Gallery of Fine Art Photography - Atlanta GA

Photography as Propaganda

Photography as Propaganda

Politics and the Utopian Dream

Lumière

The exhibition illustrated how artistic expression and creativity can coexist with photography’s ability to abstract time and space, providing a potent vehicle with which to communicate a point of view.

Whether migrating a nation to a utopian social and economic order or framing public policy debates, the power of the photographic image was used effectively in the 20th Century by both totalitarian and democratic leaders.

This exhibition illustrated its’ power to inform and influence. It reminded us of the future impact potential of imagery to amplify ideas using an array of new electronic technologies.

Including photography by: Boris Ignatovich, Dorothea Lange, Yevgeny Khaldei, Peter Sekaer, Ivan Shagin John Gutmann, Alexandr Ustinov, Rondal Partridge, Max Alpert & Georgi Zelma

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1 week ago
Lumiere

"Andre Kertesz: Postcards From Paris" currently in Chicago until January 17th. The exhibition will be coming to Atlanta and open at the High in February.

André Kertész (1894 -1985). Kertesz was a Hungarian-born photographer distinguished by haunting composition in his photographs and by his early efforts in developing the photo essay.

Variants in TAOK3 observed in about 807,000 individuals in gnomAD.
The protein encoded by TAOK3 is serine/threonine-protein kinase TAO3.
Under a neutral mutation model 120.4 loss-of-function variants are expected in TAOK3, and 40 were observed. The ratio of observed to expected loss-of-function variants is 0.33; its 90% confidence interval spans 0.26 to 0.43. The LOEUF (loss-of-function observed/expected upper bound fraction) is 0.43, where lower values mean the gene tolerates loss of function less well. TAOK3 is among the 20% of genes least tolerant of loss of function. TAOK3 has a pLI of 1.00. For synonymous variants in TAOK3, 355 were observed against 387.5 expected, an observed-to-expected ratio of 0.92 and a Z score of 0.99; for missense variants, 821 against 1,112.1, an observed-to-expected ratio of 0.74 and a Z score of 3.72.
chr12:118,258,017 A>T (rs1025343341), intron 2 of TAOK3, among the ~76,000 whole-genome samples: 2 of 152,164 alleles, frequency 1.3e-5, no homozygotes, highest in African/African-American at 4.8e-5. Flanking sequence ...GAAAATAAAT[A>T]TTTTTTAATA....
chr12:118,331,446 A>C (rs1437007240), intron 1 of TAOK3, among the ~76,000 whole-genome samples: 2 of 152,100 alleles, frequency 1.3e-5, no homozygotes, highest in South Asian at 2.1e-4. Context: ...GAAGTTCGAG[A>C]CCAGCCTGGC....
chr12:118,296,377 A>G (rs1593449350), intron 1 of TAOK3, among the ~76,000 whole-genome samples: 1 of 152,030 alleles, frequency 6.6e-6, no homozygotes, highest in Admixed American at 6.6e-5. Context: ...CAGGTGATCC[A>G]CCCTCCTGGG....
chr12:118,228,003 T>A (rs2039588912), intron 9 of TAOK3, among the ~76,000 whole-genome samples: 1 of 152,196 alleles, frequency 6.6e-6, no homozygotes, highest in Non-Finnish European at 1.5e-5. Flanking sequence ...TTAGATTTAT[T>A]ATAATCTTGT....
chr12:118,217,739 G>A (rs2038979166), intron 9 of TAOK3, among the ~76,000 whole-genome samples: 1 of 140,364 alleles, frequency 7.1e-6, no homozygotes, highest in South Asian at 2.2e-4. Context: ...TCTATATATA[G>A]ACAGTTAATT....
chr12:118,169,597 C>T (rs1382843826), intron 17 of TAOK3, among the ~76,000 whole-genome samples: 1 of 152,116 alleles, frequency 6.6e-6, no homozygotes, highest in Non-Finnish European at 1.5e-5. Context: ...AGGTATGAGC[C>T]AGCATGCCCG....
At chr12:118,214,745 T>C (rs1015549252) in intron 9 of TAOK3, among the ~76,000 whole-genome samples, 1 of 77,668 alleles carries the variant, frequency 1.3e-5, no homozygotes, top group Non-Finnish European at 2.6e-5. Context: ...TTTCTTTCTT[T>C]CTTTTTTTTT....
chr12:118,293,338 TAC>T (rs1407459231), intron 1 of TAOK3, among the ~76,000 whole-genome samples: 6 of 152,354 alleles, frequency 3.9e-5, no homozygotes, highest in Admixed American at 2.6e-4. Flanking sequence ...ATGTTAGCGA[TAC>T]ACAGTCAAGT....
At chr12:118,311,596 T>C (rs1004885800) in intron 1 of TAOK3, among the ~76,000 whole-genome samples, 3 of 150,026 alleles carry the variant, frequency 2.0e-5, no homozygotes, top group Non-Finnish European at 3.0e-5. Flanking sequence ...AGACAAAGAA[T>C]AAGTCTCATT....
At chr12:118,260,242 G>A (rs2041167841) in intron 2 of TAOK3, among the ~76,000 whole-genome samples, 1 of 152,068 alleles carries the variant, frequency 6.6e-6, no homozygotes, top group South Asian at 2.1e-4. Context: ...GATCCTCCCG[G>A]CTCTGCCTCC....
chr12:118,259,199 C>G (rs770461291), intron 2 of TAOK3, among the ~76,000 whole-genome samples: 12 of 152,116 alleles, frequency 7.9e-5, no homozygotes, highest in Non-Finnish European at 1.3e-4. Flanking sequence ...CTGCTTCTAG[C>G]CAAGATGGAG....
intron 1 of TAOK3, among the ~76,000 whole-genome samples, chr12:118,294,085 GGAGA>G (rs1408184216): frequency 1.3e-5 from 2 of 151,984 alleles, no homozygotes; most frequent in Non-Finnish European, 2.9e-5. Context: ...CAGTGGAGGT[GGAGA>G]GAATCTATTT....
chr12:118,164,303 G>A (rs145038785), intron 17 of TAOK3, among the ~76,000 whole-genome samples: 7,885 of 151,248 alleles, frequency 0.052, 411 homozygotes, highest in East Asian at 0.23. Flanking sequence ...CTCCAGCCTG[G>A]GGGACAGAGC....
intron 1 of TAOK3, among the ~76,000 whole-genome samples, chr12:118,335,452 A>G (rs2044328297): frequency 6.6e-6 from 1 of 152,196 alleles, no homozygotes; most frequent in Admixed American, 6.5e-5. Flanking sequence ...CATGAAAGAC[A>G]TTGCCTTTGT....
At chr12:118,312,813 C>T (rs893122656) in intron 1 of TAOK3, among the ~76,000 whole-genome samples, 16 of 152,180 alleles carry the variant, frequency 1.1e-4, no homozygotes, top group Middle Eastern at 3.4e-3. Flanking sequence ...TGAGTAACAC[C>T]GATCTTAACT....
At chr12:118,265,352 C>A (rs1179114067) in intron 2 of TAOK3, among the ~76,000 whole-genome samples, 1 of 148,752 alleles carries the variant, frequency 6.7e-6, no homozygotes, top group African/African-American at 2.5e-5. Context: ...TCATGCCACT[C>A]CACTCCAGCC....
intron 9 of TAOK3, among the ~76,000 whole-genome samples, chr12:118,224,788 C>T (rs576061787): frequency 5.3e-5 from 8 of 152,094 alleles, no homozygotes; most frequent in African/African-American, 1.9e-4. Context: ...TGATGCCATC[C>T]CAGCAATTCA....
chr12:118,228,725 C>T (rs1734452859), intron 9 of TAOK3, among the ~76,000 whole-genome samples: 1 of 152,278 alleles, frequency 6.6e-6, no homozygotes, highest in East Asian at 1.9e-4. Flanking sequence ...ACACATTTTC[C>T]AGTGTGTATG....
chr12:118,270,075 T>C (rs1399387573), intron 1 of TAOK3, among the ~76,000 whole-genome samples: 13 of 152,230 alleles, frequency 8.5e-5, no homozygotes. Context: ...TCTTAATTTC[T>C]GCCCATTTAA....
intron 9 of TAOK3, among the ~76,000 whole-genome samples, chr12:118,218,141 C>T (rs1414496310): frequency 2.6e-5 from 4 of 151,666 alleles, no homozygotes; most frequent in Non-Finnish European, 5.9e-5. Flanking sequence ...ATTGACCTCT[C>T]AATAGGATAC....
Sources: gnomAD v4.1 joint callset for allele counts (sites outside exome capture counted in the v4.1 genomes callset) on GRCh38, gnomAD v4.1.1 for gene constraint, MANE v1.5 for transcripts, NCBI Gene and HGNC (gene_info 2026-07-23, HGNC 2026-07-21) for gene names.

#lumieregallery #andrekertesz #artistitutechicago #highmuseumofart
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1 week ago
Lumiere

On this day in 1968, American singer and songwriter Johnny Cash recorded the album Johnny Cash at Folsom Prison, in front of an audience of some 2,000 inmates at California's Folsom Prison. Shown here are two images by photographer Al Clayton. The first is a portrait of Cash taken on the set of the Johnny Cash show in Nashville and the second is an image from 1969 at the Cummins Prison in Arkansas. Prison reform was one of many humanitarian issues that Cash championed. More images by Clayton can be found on his Lumiere artist page. www.lumieregallery.net#johnnycash #alclaytonphotography #lumieregallery ... See MoreSee Less

On this day in 1968, American singer and songwriter Johnny Cash recorded the album Johnny Cash at Folsom Prison, in front of an audience of some 2,000 inmates at Californias Folsom Prison. Shown here are two images by photographer Al Clayton. The first is a portrait of Cash taken on the set of the Johnny Cash show in Nashville and the second is an image from 1969 at the Cummins Prison in Arkansas. Prison reform was one of many humanitarian issues that Cash championed. More images by Clayton can be found on his Lumiere artist page. www.lumieregallery.net#johnnycash #alclaytonphotography #lumieregalleryImage attachment
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